What is Horror?

This isn’t a blog that reviews the works of others. There’s a good reason for that – apart from massaging my ego, I haven’t read any decent fiction for a few months, despite buying books which have been breathlessly promoted as the best!, groundbreaking!, profound! That said, I may pad this blog out with my thoughts on books I’ve read, if the whim takes me.

Despite this not being a review blog, after reading a crime novel, I started thinking about the nature of horror fiction. Like pornography, we all know it when we see it, but it seems to me, after reading this book, that horror fiction has wider tentacles than the usual names and faces we associate with it.

And that novel? Memory, by Donald Westlake. Westlake was a prolific, highly acclaimed US crime author (though, under a variety of pseudonyms, especially early in his career, he published comedy, erotica, and science fiction) who died in 2008, but a book he had written in the 1960s, Memory, was unearthed and published by the Hard Case Crime imprint. It deals with the plight of the main character, one Paul Cole, actor on the rise and serial womaniser, who, caught one night in bed by the husband of the woman he is with, suffers a head injury which destroys most of his old memories, and severely impairs his ability to form new ones.*

I associate horror with a number of things, but what they all essentially boil down to is the upending of the certainties of life. Memory, however, has none of those underpinnings, but it does depict the complete destruction of the carefully built and maintained life of an average man making his way in the world.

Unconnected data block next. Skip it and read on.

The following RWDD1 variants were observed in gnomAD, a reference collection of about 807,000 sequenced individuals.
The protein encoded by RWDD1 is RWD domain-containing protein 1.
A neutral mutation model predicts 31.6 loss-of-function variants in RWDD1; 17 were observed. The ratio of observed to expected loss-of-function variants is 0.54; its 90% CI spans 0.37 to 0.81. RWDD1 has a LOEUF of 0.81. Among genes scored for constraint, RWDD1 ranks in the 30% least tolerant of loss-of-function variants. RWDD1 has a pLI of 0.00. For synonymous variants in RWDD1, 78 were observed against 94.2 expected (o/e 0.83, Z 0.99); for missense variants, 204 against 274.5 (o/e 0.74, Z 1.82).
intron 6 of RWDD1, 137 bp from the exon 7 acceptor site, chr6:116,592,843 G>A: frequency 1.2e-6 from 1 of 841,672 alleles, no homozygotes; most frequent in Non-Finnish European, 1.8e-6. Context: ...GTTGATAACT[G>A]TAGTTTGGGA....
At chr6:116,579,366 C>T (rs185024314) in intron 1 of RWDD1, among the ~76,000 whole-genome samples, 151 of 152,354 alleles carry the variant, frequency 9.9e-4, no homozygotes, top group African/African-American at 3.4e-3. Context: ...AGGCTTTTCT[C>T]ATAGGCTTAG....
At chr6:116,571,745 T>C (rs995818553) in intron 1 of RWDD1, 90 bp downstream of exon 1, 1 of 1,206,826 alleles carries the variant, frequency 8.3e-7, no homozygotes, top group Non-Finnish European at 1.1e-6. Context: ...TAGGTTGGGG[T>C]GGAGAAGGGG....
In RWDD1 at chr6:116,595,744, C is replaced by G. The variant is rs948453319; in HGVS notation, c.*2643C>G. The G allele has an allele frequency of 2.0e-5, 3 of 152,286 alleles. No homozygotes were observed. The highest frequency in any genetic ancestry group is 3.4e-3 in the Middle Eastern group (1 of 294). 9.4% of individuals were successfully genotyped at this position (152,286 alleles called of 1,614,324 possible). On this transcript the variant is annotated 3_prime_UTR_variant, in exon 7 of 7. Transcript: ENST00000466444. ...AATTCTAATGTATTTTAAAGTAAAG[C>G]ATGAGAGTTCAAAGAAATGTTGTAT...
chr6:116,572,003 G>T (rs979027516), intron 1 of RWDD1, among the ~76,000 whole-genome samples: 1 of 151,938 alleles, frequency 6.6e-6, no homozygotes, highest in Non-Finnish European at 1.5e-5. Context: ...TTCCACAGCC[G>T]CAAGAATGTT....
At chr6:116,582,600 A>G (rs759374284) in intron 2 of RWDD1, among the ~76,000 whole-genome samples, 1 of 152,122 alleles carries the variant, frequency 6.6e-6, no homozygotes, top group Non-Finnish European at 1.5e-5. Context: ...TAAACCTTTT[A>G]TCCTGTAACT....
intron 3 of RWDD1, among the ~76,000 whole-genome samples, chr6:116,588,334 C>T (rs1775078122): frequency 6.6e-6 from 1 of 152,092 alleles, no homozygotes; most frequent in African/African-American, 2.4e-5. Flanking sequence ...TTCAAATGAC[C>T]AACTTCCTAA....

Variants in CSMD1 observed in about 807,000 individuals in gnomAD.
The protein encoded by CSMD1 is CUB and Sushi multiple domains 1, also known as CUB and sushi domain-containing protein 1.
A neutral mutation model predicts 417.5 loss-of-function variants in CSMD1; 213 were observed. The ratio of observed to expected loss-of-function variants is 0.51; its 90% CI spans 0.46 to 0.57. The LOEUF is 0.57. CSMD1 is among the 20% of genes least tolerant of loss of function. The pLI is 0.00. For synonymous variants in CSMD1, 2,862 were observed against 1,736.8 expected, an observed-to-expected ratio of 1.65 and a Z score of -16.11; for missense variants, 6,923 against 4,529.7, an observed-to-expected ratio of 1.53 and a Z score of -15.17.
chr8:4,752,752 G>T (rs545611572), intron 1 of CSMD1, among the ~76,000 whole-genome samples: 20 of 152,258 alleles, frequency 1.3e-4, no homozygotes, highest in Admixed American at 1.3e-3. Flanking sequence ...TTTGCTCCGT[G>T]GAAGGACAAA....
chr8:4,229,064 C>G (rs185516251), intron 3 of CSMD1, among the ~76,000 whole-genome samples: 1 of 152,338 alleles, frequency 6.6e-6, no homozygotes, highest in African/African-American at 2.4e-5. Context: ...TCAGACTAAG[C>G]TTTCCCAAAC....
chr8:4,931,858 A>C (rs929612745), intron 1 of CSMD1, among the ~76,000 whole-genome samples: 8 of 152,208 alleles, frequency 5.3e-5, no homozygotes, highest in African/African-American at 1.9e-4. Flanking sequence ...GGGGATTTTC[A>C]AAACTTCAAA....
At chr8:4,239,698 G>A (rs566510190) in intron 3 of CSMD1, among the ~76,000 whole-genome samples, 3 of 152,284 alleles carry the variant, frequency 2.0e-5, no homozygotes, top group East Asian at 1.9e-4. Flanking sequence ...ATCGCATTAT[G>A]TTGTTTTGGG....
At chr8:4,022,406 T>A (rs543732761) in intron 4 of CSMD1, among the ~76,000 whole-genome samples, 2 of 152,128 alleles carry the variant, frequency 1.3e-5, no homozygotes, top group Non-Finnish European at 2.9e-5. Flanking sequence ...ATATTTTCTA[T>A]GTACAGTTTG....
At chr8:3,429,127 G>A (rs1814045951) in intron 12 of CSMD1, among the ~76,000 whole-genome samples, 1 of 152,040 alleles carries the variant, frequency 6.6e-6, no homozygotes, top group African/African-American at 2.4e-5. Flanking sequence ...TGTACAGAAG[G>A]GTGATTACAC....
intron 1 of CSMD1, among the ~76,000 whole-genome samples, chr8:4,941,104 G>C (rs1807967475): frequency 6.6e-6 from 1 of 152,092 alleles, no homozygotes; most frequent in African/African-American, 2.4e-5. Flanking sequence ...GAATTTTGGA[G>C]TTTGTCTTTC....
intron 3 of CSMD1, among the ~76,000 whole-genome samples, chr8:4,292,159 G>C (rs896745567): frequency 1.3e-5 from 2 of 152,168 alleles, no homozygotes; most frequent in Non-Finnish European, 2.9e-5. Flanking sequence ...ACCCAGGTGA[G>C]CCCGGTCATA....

Think about it – he can no longer rely on what he once knew – faces and names and places and people have been swept away. As an actor, he needs to be able to rely on memorising lines, and recalling past experiences and feelings to inform his performance. When your life has become a blank slate, what can you use to help you act? Without knowing anything about your past, who can you trust? who can you call on for help? and how do you help yourself?

And your identity. Cole, from the fragments we gather when he meets acquaintances of the ‘old’ Paul Cole, comes across as having been arrogant, cocky, confident, street smart and very sure of himself. The shell left behind after his concussion is none of those. Is the sum of a man his memories? and if those memories are gone, what is left?

Memory is an exercise in terse, economical writing, which gets down to the nitty gritty of human existence on the edge, depicting an existential crisis which can have only one ending, despite Paul Cole’s frantic efforts to hold it together. The horror comes from recognising how fragile our hold on reality really is – that what we assume are concrete facts and certainties can so easily be upended, leaving us bereft of everything we have come to rely on.

There’s an interesting discussion available as a podcast, which is well worth checking out. I really do recommend Memory, it is a great, thought-provoking and often deeply upsetting and unsettling story.

*Memento – yes, yes, there’s the same, very basic premise, but both are distinguished by being separated by 30 years, and having two distinct plots – Memory doesn’t really have one, while Memento is essentially a tale of revenge, again and again.

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